Each week we’ll look at a handful of different players who fantasy managers in deeper leagues should consider picking up. Many of these players will have the most value in larger leagues where waiver wire options aren’t as plentiful. Still, they could also occasionally be useful additions in other, more standard-sized leagues depending on your options at their position. This week it’s Christian Bethancourt, Jordan Hicks, Carlos Santana, and J.P. Crawford who are worth your time as potential additions in deep leagues.
All roster percentages mentioned in this column are via Yahoo fantasy leagues as of Friday afternoon.
Christian Bethancourt – 13%
As of the beginning of play on Friday, the Tampa Bay Rays led baseball with 210 runs scored, 15 more than the next team on the list.
Unsurprisingly, nearly every member of Tampa Bay’s lineup is off to a strong start this season. Wander Franco, Yandy Díaz and Josh Lowe are having bounce-back years at the plate. Brandon Lowe is in the midst of an excellent bounce-back campaign.
Basically, everywhere you look there’s a Tampa Bay hitter who is doing well, or rather extremely well, at the plate.
Bethancourt is one of those hitters for the Rays too, he just doesn’t have the surface-level metrics to back it up. Or at least in places he doesn’t.
The catcher is batting .224 with a .274 on-base percentage this season, but he has connected on five home runs already in 73 plate appearances.
Digging past the batting average and the on-base percentage, there’s a .238 BABIP that is the first and perhaps most obvious indicator of positive regression coming soon, though there’s more to it than that. More too than a .366 xwOBA that looms large over a decidedly not as great .328 wOBA.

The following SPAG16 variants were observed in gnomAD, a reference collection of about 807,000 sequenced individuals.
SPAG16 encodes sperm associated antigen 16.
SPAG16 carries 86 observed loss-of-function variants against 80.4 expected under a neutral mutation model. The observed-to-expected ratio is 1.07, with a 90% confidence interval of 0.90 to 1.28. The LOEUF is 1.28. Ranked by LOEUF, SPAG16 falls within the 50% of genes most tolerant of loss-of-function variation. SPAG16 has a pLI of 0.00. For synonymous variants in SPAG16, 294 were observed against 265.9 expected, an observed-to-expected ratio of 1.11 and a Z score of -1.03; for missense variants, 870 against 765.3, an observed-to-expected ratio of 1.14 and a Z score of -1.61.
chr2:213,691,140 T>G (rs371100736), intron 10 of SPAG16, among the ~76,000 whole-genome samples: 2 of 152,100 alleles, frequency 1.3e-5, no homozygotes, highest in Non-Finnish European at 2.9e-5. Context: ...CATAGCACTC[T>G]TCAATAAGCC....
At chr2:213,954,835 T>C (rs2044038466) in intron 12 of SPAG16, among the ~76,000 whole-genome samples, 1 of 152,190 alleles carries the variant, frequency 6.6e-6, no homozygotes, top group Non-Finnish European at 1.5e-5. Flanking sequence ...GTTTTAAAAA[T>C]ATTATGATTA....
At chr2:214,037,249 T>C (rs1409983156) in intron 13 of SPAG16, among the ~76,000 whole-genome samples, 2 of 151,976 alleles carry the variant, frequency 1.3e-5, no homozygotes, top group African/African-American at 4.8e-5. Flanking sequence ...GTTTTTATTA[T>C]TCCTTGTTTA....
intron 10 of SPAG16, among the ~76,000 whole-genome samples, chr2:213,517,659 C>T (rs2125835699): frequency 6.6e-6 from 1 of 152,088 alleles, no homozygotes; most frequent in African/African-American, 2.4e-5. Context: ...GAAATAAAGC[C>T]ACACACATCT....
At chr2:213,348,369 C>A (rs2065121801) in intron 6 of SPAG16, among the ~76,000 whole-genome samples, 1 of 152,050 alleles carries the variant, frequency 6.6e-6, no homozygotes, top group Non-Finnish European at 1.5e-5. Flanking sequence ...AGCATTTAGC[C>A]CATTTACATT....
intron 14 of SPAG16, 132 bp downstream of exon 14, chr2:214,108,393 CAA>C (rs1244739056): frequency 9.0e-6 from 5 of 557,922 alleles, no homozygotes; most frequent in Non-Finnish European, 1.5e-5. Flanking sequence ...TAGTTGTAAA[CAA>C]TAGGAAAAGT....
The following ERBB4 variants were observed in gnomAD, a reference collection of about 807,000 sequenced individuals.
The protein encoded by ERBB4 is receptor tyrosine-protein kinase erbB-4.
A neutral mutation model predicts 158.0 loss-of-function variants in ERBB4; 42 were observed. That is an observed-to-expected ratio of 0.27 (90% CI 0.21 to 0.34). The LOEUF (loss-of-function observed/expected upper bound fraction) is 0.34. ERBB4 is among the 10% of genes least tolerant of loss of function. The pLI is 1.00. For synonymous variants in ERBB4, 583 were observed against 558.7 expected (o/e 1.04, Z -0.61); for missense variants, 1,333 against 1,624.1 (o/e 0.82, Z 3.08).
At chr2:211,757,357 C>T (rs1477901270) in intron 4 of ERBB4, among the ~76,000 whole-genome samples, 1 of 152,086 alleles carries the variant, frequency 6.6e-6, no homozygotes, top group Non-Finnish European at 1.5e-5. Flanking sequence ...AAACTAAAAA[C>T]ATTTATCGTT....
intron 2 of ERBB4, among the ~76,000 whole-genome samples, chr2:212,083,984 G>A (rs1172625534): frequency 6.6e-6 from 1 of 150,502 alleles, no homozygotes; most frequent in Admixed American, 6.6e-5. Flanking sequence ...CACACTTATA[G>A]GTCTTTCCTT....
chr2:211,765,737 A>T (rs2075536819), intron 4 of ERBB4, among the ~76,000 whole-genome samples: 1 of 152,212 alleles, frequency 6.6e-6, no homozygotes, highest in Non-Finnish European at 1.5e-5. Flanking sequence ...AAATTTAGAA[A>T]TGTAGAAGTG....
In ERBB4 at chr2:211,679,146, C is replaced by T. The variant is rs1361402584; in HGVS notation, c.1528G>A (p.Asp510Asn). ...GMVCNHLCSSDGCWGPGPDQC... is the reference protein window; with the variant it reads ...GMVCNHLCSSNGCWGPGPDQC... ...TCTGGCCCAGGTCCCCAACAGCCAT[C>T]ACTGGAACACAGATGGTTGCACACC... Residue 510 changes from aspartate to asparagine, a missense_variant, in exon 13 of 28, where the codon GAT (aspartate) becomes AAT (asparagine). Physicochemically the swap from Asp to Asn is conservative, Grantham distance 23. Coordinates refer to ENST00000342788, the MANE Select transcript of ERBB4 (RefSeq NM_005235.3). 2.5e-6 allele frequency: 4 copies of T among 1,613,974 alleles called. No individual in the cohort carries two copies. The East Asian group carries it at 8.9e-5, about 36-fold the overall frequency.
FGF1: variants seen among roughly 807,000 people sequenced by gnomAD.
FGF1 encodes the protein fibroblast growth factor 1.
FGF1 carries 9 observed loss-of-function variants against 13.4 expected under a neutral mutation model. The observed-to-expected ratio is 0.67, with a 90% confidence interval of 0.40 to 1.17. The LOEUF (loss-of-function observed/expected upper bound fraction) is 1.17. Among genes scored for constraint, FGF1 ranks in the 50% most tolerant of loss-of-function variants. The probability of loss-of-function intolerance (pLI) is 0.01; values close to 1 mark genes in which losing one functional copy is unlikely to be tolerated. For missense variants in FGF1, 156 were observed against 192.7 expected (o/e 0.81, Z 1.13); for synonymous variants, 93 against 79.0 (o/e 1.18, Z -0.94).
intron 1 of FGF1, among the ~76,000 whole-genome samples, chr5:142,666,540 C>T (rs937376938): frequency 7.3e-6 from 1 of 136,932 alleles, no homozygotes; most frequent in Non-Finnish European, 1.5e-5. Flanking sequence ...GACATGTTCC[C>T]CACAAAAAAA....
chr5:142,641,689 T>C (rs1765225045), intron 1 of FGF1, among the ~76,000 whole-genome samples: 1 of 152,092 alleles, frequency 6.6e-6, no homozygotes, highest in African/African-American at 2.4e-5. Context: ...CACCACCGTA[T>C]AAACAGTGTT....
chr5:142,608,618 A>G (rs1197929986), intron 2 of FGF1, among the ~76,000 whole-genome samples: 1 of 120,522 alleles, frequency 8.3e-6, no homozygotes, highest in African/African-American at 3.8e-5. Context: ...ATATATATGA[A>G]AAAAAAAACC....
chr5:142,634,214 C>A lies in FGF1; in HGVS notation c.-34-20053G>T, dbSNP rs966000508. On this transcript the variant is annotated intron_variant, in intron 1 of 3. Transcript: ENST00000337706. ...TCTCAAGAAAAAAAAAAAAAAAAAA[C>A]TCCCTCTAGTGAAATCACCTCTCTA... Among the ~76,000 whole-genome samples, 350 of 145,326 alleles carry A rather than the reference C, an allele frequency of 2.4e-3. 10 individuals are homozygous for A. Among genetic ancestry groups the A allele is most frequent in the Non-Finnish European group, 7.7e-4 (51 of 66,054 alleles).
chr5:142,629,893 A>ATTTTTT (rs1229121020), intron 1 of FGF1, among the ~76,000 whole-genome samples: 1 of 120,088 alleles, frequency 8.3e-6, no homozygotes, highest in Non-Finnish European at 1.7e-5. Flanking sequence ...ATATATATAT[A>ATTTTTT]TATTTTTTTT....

It’s both the BABIP and the xwOBA, but it’s also Bethancourt’s ability to make loud contact this season, something that the 31-year-old has been very much elite at.
Entering play on Friday, the veteran ranks in the 92nd percentile or better in xSLG (92nd, .561), average exit velocity (92nd, 92.9 MPH), barrel rate (95th, 19.1%), and hard-hit rate (97th, 57.4%).
Admittedly, he hasn’t been quite so elite in terms of swinging and missing at pitches, with some less-than-stellar plate discipline-related metrics.
Those metrics might curtail his batting average a bit moving forward, but the backstop is making more than enough quality contact to help assuage those concerns. Bethancourt is sporting a higher hard-hit rate than the likes of Willson Contreras, Will Smith, and Sean Murphy this season. In actuality, his hard-hit rate is higher than that of any qualified catcher so far in 2023. And only Murphy is sporting a higher barrel rate.
Once the eventual positive regression kicks in and Bethancourt’s BABIP and wOBA start to even out and move toward the mean, his counting stats will only improve. And with a regular role in the league’s best lineup, the positive regression will be even more fantasy-relevant
Jordan Hicks – 2%
Sticking with players whose surface-level stats don’t tell the whole story, Jordan Hicks has pitched to a 5.84 ERA and a 4.99 FIP in 12.1 innings this season. He’s chipped in with two holds and has added 21 strikeouts and eight walks during that span.
If you’re doing the math at home, you’d know that checks out to 15.32 strikeouts per nine innings and 8.76 walks allowed per nine frames.
In short, plenty of missed bats, but plenty of free passes too. With his surface-level metrics in mind, it should come as no surprise that the 26-year-old ranks in the 84th percentile or better in whiff rate and strikeout rate, while sitting in the third percentile in walk rate.
Still, it’s looking at the stats below the surface here that make Hicks a more than worthwhile pickup for fantasy managers in saves+holds leagues. Of the eight earned runs, 12 walks and two home runs that the Cardinals reliever has allowed this season, six of those runs, six of the walks and one of the home runs came in his first four appearances of the season from March 30 to April 7.